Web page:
If you thought the noose story was over when the FBI concluded a swift and thorough investigation into the actual noose that was definitely hanging (but just, in the normal way) in Bubba Wallace’s garage at Talladega, look out—America’s special boy is tweeting!
This is, of course, a very stupid thing to say. It’s not really worth getting in to the many reasons why it’s stupid or why it was said. Except to say that the people, including the President, who are responding to this by equating Bubba Wallace, who was told by NASCAR President Steve Phelps that they’d found a noose in his garage and responded as any sensible person would, to Jussie Smollett, who actively perpetrated a hoax—are either unbelievably stupid, or unimaginably shitty, probably both. The situation was absolutely not a hoax, and Bubba Wallace did nothing wrong. The drivers and crew who showed support for him did nothing wrong.
Other than that, we can just skip to the start of the cycle where the libs try to parse whether this is a coded message to Trump’s Russian handlers or part of a brilliant strategy to energize his base, and the radio show hosts talk about how racism in America is a hoax perpetuated by BLM-style Antifa thugs who are coming to YOUR TOWN, and the podcast runts chirp their “I’ve been very critical of this President’s sense of decorum but don’t you think this is a little ridiculous?” segments.
While the media is trained on this tweet all week the world and this country will continue to become more awful and more dangerous, especially for those who have been living under awful dangerous conditions since they were born.
But there is one question worth giving some thought to, and that’s NASCAR’s response to all this. The series will again be a topic of discussion on mainstream cable networks, not because of anything that happened on the track, but because they’re back at the center of a story about racism. And we’ll see if NASCAR wants to do anything about that.
They’re in a tight spot. Big businesses like NASCAR reflexively simp for Presidents and other elected officials because simping’s generally good for business, especially with our big President. And as comfortable as they might be with corporate statements of support, or against “hate,” there really isn’t a crisis communications strategy book about how to respond when the current racist President makes one of his classic racially coded tweets about your one Black drivers who, incidentally you recently believed was threatened with lynching. Especially when it’s a President that some of your other drivers, team owners, many of your partners and probably a good majority of your fans are so cozy with.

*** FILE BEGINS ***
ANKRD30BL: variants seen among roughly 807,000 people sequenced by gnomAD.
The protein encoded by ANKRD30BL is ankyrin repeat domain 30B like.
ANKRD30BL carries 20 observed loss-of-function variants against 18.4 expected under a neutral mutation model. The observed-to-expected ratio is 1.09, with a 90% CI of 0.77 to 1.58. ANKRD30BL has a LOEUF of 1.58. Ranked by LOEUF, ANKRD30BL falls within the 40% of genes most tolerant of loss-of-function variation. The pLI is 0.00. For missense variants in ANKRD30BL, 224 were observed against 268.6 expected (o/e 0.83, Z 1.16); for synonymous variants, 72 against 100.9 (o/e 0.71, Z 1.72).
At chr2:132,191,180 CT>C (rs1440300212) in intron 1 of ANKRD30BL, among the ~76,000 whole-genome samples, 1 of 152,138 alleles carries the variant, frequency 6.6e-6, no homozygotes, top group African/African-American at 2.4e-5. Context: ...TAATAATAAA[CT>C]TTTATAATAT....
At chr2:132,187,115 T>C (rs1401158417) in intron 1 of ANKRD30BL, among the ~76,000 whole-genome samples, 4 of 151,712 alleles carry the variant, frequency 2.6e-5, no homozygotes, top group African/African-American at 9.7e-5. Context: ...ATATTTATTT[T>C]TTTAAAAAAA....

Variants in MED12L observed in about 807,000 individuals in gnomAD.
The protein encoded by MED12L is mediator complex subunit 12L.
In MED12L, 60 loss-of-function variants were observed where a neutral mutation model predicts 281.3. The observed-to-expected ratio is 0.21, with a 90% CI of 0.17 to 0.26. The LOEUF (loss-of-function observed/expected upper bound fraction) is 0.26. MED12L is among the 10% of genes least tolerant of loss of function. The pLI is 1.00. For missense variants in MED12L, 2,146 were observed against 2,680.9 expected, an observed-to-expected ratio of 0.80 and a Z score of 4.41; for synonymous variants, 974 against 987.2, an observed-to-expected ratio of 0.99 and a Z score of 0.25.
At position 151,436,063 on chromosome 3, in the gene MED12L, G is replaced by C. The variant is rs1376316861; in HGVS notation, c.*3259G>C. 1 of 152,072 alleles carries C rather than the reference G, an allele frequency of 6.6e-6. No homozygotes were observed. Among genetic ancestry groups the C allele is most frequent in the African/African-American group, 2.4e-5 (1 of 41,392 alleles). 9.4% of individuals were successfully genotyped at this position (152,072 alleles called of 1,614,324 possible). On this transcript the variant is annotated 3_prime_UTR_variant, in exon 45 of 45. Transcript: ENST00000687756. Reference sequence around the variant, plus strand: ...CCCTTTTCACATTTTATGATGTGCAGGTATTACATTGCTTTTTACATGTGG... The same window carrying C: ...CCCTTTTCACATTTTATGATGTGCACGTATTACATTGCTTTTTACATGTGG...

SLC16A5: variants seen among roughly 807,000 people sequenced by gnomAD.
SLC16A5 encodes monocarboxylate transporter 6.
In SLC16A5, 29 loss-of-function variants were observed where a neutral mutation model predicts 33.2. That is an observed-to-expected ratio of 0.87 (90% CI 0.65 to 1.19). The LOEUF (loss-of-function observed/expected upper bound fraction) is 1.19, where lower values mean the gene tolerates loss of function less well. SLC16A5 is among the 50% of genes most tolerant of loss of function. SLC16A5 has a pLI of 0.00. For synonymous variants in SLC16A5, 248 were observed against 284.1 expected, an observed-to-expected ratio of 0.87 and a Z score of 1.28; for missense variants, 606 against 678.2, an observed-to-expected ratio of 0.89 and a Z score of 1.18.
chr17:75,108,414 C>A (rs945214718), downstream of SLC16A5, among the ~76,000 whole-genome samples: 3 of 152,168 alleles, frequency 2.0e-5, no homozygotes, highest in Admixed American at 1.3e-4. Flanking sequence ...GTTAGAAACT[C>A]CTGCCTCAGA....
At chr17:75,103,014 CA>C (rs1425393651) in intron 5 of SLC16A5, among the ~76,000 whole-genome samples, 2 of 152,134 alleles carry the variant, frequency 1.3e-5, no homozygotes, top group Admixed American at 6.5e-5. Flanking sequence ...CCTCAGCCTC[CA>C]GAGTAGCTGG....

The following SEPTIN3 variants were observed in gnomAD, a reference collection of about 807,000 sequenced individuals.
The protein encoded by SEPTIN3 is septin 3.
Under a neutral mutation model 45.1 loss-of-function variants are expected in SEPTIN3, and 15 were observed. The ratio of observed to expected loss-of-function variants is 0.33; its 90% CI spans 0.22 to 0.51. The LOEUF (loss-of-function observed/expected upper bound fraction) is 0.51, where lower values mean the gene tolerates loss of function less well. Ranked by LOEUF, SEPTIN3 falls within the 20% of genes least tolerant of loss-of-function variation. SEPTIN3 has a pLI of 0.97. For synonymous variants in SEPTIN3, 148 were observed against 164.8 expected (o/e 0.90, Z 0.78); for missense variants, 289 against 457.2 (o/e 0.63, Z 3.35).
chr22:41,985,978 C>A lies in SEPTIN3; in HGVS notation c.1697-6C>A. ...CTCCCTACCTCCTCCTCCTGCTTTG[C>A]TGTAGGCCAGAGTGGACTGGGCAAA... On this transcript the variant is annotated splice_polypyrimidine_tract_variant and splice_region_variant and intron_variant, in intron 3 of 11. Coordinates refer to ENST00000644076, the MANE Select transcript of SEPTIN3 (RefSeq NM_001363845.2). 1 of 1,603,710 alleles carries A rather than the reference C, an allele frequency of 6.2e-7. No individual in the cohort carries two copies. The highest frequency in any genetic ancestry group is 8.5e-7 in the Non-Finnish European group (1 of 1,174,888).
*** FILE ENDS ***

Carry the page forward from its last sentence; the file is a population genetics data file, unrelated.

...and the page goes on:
Ultimately, they probably have to say something. Bubba Wallace has responded. Worm-man Lindsay Graham is pushing back. Richard Petty Motorsports is. Tyler Reddick did, in a tweet that’s now been deleted.
But what are they actually going to do? I’ve been saying it since the Kyle Larson suspension, but I think in 2020, NASCAR has as good a chance, and as good a reason, as any other organization to make headway on racism. Not by making changes to the flag policy (though, that’s good) or issuing statements (also good) but by using its platform and its personalities to engage with the facts on structures that kill, terrorize and disadvantage Black people. Being “not racist” is one thing, taking part in real efforts to dismantle racism is another uncomfortable and ultimately valuable thing.
One thing to keep in mind, is that the real hogs are going to behave like hogs regardless of what NASCAR does here. To a lot of those people, stock car racing is just another affectation, another part of their culture war aesthetic, like owning a gun they never shoot or hanging that stupid old flag.
But there are a lot of people, in and out of the paddock, who really love NASCAR and who are going to continue to love NASCAR because it’s a fascinating and phenomenally entertaining sport filled with great personalities. Those people are probably ready to grow. And of those two groups, only one is capable of helping to grow NASCAR as a sport.
I believe NASCAR understands that. And while, again, they probably have to defend Bubba from the President, getting into a twitter spat serves him a lot more than it serves them. They’d be better served to spend some time learning what they can do to improve underlying conditions that led to his election, and Kyle’s slur, and flag being present at races, etc.